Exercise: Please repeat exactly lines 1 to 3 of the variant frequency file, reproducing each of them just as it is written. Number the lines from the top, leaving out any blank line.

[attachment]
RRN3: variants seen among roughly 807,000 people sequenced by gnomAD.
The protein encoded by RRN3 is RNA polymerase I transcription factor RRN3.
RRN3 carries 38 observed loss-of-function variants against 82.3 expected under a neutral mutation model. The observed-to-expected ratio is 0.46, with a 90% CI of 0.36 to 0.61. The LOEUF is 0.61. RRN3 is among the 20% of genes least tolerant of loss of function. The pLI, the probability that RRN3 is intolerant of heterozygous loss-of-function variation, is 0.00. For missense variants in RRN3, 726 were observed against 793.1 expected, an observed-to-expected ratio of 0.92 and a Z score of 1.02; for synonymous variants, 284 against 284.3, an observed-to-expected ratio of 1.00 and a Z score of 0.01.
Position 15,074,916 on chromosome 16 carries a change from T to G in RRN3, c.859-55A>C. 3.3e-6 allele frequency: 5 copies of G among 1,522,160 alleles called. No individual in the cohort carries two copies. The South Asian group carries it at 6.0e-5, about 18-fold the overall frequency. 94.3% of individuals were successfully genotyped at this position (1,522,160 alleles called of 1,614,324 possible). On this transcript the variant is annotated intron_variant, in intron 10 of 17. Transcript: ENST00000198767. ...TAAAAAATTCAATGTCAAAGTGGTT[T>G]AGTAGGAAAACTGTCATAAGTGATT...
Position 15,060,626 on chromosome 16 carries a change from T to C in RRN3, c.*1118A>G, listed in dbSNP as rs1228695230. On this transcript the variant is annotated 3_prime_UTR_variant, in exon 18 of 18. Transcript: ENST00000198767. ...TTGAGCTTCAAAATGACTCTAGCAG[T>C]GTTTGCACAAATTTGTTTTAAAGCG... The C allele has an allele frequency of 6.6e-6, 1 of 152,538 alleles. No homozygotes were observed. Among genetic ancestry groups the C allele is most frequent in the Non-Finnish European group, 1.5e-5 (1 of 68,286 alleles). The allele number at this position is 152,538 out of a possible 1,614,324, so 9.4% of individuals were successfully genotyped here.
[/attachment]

RRN3: variants seen among roughly 807,000 people sequenced by gnomAD.
The protein encoded by RRN3 is RNA polymerase I transcription factor RRN3.
RRN3 carries 38 observed loss-of-function variants against 82.3 expected under a neutral mutation model. The observed-to-expected ratio is 0.46, with a 90% CI of 0.36 to 0.61. The LOEUF is 0.61. RRN3 is among the 20% of genes least tolerant of loss of function. The pLI, the probability that RRN3 is intolerant of heterozygous loss-of-function variation, is 0.00. For missense variants in RRN3, 726 were observed against 793.1 expected, an observed-to-expected ratio of 0.92 and a Z score of 1.02; for synonymous variants, 284 against 284.3, an observed-to-expected ratio of 1.00 and a Z score of 0.01.